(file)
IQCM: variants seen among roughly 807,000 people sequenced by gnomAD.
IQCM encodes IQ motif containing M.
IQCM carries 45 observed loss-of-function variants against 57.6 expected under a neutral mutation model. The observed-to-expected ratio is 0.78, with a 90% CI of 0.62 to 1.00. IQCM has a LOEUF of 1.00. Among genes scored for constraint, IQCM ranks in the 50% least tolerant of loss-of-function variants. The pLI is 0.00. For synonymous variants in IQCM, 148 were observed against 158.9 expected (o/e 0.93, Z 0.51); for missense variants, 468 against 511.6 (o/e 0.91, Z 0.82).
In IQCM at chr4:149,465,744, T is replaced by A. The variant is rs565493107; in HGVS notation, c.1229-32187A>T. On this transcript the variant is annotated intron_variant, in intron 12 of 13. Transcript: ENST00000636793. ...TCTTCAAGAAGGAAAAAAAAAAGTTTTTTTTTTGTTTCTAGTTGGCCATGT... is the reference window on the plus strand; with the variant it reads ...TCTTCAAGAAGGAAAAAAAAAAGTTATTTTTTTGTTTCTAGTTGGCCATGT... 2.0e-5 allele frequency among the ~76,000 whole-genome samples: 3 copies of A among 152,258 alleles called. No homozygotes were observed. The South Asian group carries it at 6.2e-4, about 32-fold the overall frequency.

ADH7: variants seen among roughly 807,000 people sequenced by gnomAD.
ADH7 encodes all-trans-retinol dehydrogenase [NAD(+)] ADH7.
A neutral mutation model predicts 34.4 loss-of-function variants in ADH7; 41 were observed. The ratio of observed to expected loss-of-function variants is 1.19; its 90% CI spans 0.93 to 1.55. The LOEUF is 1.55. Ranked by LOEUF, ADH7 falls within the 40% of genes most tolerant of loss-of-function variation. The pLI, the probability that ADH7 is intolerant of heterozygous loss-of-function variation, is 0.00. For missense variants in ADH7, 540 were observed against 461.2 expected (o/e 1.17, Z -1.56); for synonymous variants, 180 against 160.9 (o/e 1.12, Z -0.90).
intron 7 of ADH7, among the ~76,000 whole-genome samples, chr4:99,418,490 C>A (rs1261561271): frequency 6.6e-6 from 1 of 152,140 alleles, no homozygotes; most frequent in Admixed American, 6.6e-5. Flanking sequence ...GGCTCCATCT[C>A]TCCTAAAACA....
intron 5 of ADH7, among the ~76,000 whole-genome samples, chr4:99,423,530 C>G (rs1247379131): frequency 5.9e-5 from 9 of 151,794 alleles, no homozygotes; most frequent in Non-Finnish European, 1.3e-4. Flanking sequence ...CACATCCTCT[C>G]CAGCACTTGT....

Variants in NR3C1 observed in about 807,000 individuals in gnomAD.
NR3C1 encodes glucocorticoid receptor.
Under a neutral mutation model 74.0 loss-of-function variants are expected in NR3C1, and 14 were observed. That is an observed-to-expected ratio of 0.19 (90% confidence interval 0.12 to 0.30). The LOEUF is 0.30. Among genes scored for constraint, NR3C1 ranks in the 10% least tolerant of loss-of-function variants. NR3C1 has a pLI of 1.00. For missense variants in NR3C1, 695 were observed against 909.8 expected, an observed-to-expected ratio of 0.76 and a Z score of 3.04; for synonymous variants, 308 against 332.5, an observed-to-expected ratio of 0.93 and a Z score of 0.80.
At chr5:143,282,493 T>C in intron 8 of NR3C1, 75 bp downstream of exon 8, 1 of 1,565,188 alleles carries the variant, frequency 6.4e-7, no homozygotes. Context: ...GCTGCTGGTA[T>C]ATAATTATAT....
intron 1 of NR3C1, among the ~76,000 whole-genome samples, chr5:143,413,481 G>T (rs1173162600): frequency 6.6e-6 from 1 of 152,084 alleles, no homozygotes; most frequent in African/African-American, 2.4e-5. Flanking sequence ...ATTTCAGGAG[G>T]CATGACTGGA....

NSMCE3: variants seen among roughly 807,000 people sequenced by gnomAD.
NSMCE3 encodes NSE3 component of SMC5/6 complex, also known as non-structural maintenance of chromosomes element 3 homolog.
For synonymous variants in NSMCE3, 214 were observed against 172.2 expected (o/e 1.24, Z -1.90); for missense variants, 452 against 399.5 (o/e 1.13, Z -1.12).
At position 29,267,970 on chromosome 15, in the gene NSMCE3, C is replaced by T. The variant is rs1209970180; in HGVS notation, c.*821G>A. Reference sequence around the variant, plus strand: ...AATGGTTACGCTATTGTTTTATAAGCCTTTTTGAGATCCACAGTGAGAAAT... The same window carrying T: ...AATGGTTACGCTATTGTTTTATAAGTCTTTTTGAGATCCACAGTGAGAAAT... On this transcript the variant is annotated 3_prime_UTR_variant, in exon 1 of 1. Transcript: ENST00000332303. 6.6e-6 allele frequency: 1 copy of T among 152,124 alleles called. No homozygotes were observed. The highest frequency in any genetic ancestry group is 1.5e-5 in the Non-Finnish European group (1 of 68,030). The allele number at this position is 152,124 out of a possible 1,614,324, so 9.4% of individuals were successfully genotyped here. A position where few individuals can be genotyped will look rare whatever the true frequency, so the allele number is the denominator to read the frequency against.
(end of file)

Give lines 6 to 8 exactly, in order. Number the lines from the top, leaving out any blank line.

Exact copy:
ADH7 encodes all-trans-retinol dehydrogenase [NAD(+)] ADH7.
A neutral mutation model predicts 34.4 loss-of-function variants in ADH7; 41 were observed. The ratio of observed to expected loss-of-function variants is 1.19; its 90% CI spans 0.93 to 1.55. The LOEUF is 1.55. Ranked by LOEUF, ADH7 falls within the 40% of genes most tolerant of loss-of-function variation. The pLI, the probability that ADH7 is intolerant of heterozygous loss-of-function variation, is 0.00. For missense variants in ADH7, 540 were observed against 461.2 expected (o/e 1.17, Z -1.56); for synonymous variants, 180 against 160.9 (o/e 1.12, Z -0.90).
intron 7 of ADH7, among the ~76,000 whole-genome samples, chr4:99,418,490 C>A (rs1261561271): frequency 6.6e-6 from 1 of 152,140 alleles, no homozygotes; most frequent in Admixed American, 6.6e-5. Flanking sequence ...GGCTCCATCT[C>A]TCCTAAAACA....